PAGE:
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Finding Ice Fishing Lake Conditions Online

If you spend any time on Facebook ice fishing groups, you’ll see the common question: “What’s the ice conditions at ______?” pretty much non-stop. In the digital age it’s easy to throw out a question to the hive mind and hopefully get a nice answer. For me in Colorado there’s an excellent resource in the Facebook group Colorado Ice Conditions, as a bit of a public service they release ice conditions about once a week, or every other week. This data is mostly compiled from other users input. But how else would you be able to check ice fishing lake conditions? What about lakes that not many people go to?

Being the map data geek that I am, I found that there are daily pulls of satellite imagery available if you know where to look. Dave M on the Ice Fishing Colorado Facebook group first mentioned it to the community, but using Sentinel Hub and Copernicus gives you a wealth of information at your fingertips. In the early part of the season, say November for Colorado, you can browse imagery for ice fishing lake conditions to see when lakes are finally capped. Knowing when lakes are fully frozen over is key to understanding whether conditions are right for building safe ice.

Copernicus Browser

Copernicus, formerly known as the now retired Sentinel Hub or Sentinel Playground makes use of Sentinel satellite imagery. Going to their website brings up a fairly intense web view map that you can use the upper right hand search bar to look at a town near your lake in question. In the below I wanted to know the winter ice fishing lake conditions for Elevenmile Reservoir in Lake George, CO. The bottom left selection in the search allows you to choose which satellite imagery to look at, here I chose Sentinel-2 L2A. That data set excludes some issues with light being reflected that sometimes muddies the results — but it may take longer to load. Clicking the green button loads the most recent imagery data.

Using the Copernicus browser to grab the latest ice fishing lake conditions for Elevenmile reservoir.

Once your resultant imagery loads you can mess with the layers a bit. True Color and Highlight Optimized Natural Color are your friends here. In this imagery taken just three days ago we see that Elevenmile Canyon Reservoir is entirely capped with ice. While this doesn’t tell us how thick the ice is we can go back in the historical imagery to see how long since it was first capped. This gives us a little idea as to how long it’s been cold enough in the area.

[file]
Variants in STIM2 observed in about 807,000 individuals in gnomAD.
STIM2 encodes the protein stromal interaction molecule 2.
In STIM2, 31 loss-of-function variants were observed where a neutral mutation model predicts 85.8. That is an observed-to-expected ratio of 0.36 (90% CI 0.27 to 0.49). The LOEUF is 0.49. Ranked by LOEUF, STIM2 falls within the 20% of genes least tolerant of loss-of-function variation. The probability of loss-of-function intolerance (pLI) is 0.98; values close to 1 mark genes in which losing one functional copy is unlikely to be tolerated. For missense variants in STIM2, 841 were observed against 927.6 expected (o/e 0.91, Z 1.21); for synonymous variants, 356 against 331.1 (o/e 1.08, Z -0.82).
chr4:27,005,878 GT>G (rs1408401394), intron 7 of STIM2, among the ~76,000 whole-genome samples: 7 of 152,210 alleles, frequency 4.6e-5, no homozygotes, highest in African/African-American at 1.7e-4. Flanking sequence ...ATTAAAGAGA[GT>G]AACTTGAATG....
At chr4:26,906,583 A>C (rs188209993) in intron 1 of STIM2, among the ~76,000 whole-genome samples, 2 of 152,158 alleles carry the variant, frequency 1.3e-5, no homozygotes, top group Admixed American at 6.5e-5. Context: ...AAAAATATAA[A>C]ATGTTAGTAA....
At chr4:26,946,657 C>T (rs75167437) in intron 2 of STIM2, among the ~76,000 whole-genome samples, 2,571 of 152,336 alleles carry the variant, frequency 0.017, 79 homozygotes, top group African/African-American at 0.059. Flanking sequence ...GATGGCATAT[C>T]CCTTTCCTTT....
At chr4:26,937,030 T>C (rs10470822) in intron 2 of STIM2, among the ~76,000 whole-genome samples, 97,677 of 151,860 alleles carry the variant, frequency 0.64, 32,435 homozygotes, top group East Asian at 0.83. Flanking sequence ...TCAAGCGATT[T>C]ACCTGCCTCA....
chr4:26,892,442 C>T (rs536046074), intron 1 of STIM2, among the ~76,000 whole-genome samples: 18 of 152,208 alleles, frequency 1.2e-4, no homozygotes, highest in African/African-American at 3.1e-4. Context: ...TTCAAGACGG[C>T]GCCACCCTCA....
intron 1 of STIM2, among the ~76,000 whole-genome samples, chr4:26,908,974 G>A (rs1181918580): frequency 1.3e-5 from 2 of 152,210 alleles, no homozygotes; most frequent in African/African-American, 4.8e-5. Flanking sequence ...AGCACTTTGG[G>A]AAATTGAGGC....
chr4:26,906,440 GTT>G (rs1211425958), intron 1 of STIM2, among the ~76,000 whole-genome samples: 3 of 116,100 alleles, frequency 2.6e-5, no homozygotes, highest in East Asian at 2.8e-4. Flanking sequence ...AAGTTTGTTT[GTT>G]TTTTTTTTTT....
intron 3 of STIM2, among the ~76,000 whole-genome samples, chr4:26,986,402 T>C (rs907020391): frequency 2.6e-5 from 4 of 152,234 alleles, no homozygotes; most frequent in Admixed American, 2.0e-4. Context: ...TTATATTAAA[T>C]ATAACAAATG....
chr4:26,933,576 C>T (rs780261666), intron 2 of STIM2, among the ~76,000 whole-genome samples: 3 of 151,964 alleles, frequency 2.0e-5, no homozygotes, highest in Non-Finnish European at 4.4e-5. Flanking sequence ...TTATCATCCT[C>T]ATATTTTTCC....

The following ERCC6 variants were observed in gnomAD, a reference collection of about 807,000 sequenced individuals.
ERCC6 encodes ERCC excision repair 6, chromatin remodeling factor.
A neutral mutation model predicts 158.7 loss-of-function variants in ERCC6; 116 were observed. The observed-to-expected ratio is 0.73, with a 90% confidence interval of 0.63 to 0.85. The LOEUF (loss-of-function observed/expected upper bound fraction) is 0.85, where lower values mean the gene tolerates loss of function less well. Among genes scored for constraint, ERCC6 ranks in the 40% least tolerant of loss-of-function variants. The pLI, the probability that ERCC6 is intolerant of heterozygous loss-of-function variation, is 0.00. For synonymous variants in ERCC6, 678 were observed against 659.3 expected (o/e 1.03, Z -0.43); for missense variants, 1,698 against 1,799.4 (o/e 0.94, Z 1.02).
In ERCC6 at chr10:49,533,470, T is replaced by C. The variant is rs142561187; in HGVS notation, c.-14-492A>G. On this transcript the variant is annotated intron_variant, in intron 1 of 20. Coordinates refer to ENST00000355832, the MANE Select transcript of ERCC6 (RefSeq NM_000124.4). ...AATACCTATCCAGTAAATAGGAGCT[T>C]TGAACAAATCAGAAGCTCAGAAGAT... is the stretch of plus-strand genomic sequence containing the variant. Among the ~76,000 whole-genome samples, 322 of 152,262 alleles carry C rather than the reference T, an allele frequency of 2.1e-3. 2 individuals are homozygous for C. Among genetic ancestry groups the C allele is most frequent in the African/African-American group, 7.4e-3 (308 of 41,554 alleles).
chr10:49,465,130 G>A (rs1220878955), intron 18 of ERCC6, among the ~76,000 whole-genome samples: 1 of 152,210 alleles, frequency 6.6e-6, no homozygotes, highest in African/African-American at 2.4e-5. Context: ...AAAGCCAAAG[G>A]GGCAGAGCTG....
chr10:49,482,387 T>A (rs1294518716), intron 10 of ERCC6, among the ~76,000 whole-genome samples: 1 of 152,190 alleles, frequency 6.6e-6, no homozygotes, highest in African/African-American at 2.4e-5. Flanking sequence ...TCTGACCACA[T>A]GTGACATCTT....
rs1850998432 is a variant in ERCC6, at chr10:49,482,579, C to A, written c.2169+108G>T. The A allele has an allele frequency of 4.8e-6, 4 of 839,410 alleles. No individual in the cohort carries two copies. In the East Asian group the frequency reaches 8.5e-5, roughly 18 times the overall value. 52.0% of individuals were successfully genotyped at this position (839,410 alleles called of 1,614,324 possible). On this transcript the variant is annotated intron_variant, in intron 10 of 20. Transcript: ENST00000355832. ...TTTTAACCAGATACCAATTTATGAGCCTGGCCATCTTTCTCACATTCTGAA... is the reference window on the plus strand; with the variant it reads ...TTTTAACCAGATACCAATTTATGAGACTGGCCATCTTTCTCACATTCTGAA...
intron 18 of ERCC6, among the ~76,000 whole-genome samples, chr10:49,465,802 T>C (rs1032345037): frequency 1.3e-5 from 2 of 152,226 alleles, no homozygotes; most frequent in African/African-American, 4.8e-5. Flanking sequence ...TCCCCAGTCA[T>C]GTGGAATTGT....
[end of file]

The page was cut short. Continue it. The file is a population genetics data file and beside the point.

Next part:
Marina Reports

The old school way of figuring out ice fishing lake conditions was always to check your local fishing reports. Marinas, guides, and ice crazy retirees often do the leg work for you and post the data online, or on boards at your local tackle shops. For many of the state parks in Colorado if there’s a marina on site that stays open and sells bait, they will put together a fishing report.

The Elevenmile Canyon Reservoir fishing report is posted frequently by 11Mile Sports that runs the Marina online, and provides good safety and catch details. They’ll often provide what people have been reporting the bites on, where some of the action is, and how to catch some of your target species. As always, support your local Mom and Pop tackle shop where you can.

Lake Monster

Another option to check whether a lake has iced over are Apps like LakeMonster. Much of the data provided is on the premium version, which we don’t pay for. However, the free version of the app and website show imagery data for local lakes. Often this is enough data to go on to see if a lake is capped with ice and whether it’s worth the drive to check if the ice is safe to proceed.

You should now have a few tools at your disposal before being that guy screaming into the void as you’re trying to pack your truck the night before. Just remember that conditions change hourly out there, particularly for places like Colorado. You can develop pressure ridges, many of our local waters are reservoirs that levels are changed with the changing needs of the users of the water resources. Always bring a spud bar, flotation gear, and cleats if you can help it. Be safe, and get after it!

Disclaimer: It should go without saying, but be careful on the ice. No ice is truly completely safe. Be armed with a spud bar, and safety equipment, go with a buddy if you can.
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Tags: , , , Last modified: January 6, 2024
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